While there are no home-run options, the Jets will have a few intriguing choices to pick from at this position. Golden Tate, Adam Humphries, Randall Cobb, and Jamison Crowder top the list of slot receivers that could potentially hit the market.

Humphries is my favorite option. While he benefited from playing on a talent-stacked pass-happy offense in Tampa Bay, he quietly was very productive last year. He ranked 18th among wide receivers in both receptions and first downs, while quarterbacks had a 107.7 passer rating when targeting him. He’s a productive player in the screen game and loves to eat on short out routes.

At only 26-years-old, Humphries’ youth also makes him an attractive alternative to the soon-to-be 31 Tate.

Robby Anderson Quincy Enunwa
Robby Sabo, ESNY Graphic, Getty Images

If the Jets are looking to add another X receiver, the big-bodied Devin Funchess and the uber-efficient speedster Tyrell Williams highlight the list.

Either way, the bottom line is the Jets can use as much depth as possible. They can’t have Darnold throwing to kick returners and gunners once one of his starters go down.

Center: 10/10

It is a thin market, but I think this is the most vital need for the Jets offense.

After slogging through the 2017 season with Wesley Johnson struggling at center, the Jets entered the 2018 offseason with that position as a major need.

Unfortunately, they didn’t come up with either one of the top options, Ryan Jensen or Weston Richburg, and instead, settled on Long.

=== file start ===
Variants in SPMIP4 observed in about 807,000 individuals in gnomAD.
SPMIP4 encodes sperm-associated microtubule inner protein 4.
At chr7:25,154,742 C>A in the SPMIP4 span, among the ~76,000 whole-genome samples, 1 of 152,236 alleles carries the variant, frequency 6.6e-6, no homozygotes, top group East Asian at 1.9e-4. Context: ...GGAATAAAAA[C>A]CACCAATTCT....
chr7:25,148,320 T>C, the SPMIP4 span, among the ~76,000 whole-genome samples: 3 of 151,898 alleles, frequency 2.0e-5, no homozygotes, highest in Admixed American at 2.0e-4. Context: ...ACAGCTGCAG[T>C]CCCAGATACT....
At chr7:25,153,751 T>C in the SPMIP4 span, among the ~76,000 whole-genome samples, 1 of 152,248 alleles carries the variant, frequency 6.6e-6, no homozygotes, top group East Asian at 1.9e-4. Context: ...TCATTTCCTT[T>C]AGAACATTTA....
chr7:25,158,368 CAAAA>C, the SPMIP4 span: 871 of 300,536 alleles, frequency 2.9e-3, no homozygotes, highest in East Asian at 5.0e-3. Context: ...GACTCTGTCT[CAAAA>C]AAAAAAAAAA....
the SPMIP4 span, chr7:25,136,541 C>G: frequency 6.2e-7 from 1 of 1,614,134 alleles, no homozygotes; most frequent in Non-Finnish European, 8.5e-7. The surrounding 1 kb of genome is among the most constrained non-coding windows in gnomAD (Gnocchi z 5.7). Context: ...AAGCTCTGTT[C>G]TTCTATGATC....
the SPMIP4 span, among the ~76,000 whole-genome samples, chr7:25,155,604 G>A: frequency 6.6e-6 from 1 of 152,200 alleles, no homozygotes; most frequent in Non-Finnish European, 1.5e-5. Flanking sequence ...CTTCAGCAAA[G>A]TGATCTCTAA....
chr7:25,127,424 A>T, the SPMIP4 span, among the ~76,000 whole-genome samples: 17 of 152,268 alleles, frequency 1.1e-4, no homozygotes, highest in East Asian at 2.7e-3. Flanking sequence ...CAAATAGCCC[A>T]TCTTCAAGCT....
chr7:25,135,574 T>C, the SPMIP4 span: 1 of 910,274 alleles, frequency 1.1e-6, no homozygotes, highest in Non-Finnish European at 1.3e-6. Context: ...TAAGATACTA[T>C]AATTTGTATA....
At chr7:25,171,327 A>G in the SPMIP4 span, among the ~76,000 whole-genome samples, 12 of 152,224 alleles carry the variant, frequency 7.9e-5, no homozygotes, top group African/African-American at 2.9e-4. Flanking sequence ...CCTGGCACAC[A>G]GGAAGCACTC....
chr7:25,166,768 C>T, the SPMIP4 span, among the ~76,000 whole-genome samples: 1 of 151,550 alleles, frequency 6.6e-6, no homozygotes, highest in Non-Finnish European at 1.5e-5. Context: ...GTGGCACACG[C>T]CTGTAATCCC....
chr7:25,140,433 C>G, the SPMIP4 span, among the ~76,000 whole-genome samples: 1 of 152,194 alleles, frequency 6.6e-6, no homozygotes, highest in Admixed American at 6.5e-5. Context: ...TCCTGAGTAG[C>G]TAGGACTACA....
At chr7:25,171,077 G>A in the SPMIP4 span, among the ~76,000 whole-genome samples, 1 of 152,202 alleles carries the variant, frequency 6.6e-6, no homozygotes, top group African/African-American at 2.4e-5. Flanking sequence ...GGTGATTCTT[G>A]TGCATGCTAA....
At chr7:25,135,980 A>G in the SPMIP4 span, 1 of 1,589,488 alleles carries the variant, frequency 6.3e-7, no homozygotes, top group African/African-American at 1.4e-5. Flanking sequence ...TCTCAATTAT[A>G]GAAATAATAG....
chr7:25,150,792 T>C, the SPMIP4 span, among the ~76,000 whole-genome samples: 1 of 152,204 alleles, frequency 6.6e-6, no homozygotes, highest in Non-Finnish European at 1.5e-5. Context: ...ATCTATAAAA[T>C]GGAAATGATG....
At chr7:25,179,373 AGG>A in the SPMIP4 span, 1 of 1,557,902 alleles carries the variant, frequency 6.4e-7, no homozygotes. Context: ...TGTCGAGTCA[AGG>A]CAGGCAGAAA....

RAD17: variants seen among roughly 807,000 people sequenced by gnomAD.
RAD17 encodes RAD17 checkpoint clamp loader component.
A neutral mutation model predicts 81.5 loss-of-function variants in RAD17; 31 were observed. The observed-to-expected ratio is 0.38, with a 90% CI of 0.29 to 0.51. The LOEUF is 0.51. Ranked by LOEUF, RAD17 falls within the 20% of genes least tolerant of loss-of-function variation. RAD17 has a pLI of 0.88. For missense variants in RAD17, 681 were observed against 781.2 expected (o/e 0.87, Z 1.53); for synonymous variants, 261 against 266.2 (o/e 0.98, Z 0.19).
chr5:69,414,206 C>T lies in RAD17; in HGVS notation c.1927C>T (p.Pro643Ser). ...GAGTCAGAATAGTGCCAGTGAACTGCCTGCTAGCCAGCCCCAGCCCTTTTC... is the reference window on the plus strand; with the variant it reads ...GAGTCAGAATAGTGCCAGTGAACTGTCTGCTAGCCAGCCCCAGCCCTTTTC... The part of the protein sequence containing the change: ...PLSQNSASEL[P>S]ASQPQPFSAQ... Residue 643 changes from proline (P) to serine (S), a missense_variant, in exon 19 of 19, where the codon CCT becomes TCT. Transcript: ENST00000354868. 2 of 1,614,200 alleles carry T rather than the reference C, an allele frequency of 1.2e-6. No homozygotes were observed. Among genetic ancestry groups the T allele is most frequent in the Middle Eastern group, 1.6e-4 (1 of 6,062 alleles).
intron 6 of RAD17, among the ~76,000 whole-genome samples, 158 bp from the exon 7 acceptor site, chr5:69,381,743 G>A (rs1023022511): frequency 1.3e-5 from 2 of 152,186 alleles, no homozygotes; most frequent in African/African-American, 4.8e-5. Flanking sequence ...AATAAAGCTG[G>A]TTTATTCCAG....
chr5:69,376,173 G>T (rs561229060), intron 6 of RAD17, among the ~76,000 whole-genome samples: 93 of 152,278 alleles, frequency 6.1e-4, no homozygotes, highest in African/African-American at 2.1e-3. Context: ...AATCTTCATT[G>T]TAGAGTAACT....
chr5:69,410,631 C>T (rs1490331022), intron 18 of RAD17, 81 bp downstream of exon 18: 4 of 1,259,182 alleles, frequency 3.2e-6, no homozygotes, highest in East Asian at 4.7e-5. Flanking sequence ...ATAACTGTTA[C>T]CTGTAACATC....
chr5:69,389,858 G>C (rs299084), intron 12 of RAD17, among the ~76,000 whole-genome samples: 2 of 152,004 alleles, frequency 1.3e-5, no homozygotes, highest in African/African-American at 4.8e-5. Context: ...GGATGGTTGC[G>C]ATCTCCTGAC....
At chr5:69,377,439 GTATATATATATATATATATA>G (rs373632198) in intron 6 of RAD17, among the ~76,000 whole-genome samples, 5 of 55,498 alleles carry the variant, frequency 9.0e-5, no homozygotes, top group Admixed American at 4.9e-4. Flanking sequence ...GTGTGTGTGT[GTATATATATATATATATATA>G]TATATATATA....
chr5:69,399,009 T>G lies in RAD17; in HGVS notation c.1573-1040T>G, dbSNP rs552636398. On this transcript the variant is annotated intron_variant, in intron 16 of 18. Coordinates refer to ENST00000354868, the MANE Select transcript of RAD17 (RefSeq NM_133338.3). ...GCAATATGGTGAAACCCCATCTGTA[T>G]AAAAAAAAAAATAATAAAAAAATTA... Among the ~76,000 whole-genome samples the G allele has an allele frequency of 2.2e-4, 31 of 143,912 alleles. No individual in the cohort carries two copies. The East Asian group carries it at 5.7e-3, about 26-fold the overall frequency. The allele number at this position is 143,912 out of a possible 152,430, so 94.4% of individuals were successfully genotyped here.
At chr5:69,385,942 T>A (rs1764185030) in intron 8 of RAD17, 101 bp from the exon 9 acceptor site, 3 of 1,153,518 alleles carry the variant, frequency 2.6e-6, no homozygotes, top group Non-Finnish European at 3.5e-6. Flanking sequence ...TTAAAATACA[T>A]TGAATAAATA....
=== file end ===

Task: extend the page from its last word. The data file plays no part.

Coming up with option C would eventually haunt the Jets. Long killed the team throughout the year. He was abysmal as both a pass protector and a run blocker, but those weren’t even his worst offenses. His snap accuracy, particularly in two games against Minnesota and Miami, was horrific, and all but eliminated Darnold’s chance of success in nearly two whole games.

Finger injuries may have been to blame though, as Todd Bowles inexcusably refused to pull Long from the Miami game in spite of the clear effects that Long’s known injury was having on his performance.

Eventually, Long moved to guard, where he was about equally as poor but couldn’t hurt the team with snapping issues. His replacement at center, Jonotthan Harrison, was about as good as you’d expect the backup to one of the league’s worst starters to be.

The Jets have to learn from their mistake and take this position seriously. They can’t afford another year of UFO snaps, zero power run game, pressure straight up the middle, and a 22-year old quarterback having to stress about all three of those things.

Matt Paradis and Mitch Morse headline the market. Both have injury question marks, but when healthy, they’ve each been top-tier centers.

Outbid everybody, and get a proven high-quality center.

Kelvin Beachum
(Photo by Scott W. Grau/Icon Sportswire via Getty Images)

Tackle: 4/10

There’s little debate that the two best players on the Jets offensive line last season were Kelvin Beachum and Brandon Shell. Both had their struggles in the run game (every player on that front did), but they were each solid in pass protection.

A player like Beachum can be taken for granted. He isn’t elite, but he has played reliably well at one of the most important positions in the NFL. Left tackles who can play every down in back-to-back seasons and provide above-average pass protection absolutely do not grow on trees.